Fans ‘Paint’ New Lotus Evora 400 with Their Own Colour Scheme

You probably don’t want fans of Lotus performance cars to paint your house or pick your work outfits. But, they seem up to the task of picking eye-catching color schemes for limited edition coupes.

To celebrate the company’s 50th anniversary at their current headquarters in Hethel, Norfolk, UK, Lotus let its fans choose the color scheme for the new Evora 400. Via social media, Lotus listed a series of color options that tied into the automaker’s racing and road car history.

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The winner was the Blue and Orange blend above. The scheme originated in the 1960s with Lotus vehicles. Once built, the Evora 400 will offer a complementary color blend inside to match its bright exterior, blending orange thread with black leather.

The new Blue and Orange Limited Edition Evora 400 is one of a small set of small batch cars Lotus is announcing and building to mark 2016 and the 50th anniversary since the founding of the Lotus Factory and Headquarters in Hethel. Lotus calls the Evora 400 an “ultra low volume creation,” meaning it’ll be for sale and gone quickly — if every one isn’t ordered and purchased even before they’re built.

Hand-built, the new Evora 400 emerged out of Lotus’ Lightweight Laboratory,  and the entire car weights just over 3,000 pounds. Combining such a lightweight design with a supercharged, mid-mounted 3.5 liter V6 engine produces 400 horsepower. That means the car accelerates from 0-60 mph in 4.1 seconds, with a top speed of 186 mph — creating a startling sensation in a coupe so small.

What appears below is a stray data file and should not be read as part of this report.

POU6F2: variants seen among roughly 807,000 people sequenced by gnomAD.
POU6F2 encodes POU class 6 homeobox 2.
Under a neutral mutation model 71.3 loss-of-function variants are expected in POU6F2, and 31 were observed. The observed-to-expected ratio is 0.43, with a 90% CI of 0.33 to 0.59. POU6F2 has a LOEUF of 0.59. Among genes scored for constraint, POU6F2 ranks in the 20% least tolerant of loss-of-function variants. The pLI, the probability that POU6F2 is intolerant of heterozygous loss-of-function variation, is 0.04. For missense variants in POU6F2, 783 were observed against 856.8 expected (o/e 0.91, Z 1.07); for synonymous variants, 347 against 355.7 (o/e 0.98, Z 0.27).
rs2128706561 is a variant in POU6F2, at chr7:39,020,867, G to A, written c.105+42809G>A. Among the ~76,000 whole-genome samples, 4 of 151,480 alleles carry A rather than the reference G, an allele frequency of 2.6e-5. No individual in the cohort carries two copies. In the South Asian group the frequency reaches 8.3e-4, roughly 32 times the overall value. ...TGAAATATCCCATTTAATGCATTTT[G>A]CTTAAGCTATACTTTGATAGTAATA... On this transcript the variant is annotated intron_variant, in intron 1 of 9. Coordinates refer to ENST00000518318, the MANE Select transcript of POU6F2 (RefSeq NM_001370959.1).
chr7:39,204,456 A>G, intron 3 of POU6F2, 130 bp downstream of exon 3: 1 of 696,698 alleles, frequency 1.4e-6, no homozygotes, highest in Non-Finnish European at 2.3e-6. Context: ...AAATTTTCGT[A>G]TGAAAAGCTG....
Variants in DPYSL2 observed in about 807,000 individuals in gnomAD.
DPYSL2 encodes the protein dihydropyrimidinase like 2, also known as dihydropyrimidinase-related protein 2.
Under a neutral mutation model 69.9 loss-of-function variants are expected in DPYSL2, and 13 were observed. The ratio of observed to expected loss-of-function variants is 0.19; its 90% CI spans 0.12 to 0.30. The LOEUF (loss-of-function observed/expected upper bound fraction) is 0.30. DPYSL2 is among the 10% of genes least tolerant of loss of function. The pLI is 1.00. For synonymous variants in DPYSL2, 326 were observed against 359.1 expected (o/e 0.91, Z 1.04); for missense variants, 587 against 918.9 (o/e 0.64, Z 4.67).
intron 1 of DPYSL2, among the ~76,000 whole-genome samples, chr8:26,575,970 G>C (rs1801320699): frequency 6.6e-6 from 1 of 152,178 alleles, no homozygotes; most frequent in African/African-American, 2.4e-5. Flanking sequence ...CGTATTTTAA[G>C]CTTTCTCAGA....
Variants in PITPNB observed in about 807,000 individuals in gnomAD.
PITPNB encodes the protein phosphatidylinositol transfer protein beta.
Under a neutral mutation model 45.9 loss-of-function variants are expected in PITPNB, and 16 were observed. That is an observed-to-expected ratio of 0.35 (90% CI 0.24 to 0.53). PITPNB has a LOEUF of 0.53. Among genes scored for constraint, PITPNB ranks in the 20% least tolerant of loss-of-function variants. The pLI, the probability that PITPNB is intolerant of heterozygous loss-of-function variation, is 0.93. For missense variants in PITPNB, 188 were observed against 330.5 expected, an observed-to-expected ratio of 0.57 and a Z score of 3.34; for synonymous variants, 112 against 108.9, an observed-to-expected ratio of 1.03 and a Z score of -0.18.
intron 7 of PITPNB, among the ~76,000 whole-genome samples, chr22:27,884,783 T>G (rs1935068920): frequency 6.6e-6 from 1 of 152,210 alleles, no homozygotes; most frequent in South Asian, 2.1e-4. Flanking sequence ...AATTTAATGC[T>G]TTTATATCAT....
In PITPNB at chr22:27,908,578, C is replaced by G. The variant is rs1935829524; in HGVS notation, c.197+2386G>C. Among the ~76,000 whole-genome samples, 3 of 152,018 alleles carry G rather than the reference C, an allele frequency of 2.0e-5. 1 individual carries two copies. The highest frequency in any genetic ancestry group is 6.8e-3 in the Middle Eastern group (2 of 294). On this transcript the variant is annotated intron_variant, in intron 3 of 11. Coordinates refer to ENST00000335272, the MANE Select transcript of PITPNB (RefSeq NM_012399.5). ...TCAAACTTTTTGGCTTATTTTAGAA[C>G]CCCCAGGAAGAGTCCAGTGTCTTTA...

The car comes standard with a tight, proper six-speed gearbox. Buyers can ask for an automatic transmission with paddle sifters. But, such people shouldn’t be allowed to buy the car.

 

Two-piece disc brakes, a Limited Slip Differential,  automatic air-conditioning and even an infotainment system with satellite navigation round out the in car features. The latter is a bit of a stunner as past Lotus creations were famous for forgoing radios or anything else that might add weight. The cars were track machines and intended only for pure driving pleasure. There’s little doubt this limited edition will honor fit that bill.

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